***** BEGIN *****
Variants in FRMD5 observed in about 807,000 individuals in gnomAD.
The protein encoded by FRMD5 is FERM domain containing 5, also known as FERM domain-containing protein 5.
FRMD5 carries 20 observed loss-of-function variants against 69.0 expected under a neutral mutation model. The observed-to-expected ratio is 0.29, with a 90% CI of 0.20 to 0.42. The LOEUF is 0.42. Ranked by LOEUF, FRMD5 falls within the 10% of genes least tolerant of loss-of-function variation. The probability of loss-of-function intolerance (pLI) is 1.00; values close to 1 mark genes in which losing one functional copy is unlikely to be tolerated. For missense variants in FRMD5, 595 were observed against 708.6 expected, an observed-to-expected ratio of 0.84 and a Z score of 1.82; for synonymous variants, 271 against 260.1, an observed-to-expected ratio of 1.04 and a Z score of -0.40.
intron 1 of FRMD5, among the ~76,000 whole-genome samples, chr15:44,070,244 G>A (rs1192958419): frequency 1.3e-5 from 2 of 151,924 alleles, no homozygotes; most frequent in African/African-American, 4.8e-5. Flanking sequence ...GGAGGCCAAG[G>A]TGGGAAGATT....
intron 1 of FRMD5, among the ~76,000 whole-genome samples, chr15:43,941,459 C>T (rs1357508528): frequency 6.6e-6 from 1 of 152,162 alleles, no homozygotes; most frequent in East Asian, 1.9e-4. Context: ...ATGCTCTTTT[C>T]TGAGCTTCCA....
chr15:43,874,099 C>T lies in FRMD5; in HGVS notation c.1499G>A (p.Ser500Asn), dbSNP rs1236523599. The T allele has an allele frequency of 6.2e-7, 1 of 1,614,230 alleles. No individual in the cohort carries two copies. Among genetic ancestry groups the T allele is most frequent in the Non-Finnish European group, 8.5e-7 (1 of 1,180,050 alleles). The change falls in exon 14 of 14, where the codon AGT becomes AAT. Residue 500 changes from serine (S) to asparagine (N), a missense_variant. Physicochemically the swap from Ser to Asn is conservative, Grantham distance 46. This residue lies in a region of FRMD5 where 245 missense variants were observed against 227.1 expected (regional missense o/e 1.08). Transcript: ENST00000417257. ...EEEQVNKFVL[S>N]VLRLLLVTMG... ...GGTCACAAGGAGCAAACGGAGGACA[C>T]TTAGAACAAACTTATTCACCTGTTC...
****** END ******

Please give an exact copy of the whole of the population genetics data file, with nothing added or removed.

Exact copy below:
Variants in FRMD5 observed in about 807,000 individuals in gnomAD.
The protein encoded by FRMD5 is FERM domain containing 5, also known as FERM domain-containing protein 5.
FRMD5 carries 20 observed loss-of-function variants against 69.0 expected under a neutral mutation model. The observed-to-expected ratio is 0.29, with a 90% CI of 0.20 to 0.42. The LOEUF is 0.42. Ranked by LOEUF, FRMD5 falls within the 10% of genes least tolerant of loss-of-function variation. The probability of loss-of-function intolerance (pLI) is 1.00; values close to 1 mark genes in which losing one functional copy is unlikely to be tolerated. For missense variants in FRMD5, 595 were observed against 708.6 expected, an observed-to-expected ratio of 0.84 and a Z score of 1.82; for synonymous variants, 271 against 260.1, an observed-to-expected ratio of 1.04 and a Z score of -0.40.
intron 1 of FRMD5, among the ~76,000 whole-genome samples, chr15:44,070,244 G>A (rs1192958419): frequency 1.3e-5 from 2 of 151,924 alleles, no homozygotes; most frequent in African/African-American, 4.8e-5. Flanking sequence ...GGAGGCCAAG[G>A]TGGGAAGATT....
intron 1 of FRMD5, among the ~76,000 whole-genome samples, chr15:43,941,459 C>T (rs1357508528): frequency 6.6e-6 from 1 of 152,162 alleles, no homozygotes; most frequent in East Asian, 1.9e-4. Context: ...ATGCTCTTTT[C>T]TGAGCTTCCA....
chr15:43,874,099 C>T lies in FRMD5; in HGVS notation c.1499G>A (p.Ser500Asn), dbSNP rs1236523599. The T allele has an allele frequency of 6.2e-7, 1 of 1,614,230 alleles. No individual in the cohort carries two copies. Among genetic ancestry groups the T allele is most frequent in the Non-Finnish European group, 8.5e-7 (1 of 1,180,050 alleles). The change falls in exon 14 of 14, where the codon AGT becomes AAT. Residue 500 changes from serine (S) to asparagine (N), a missense_variant. Physicochemically the swap from Ser to Asn is conservative, Grantham distance 46. This residue lies in a region of FRMD5 where 245 missense variants were observed against 227.1 expected (regional missense o/e 1.08). Transcript: ENST00000417257. ...EEEQVNKFVL[S>N]VLRLLLVTMG... ...GGTCACAAGGAGCAAACGGAGGACA[C>T]TTAGAACAAACTTATTCACCTGTTC...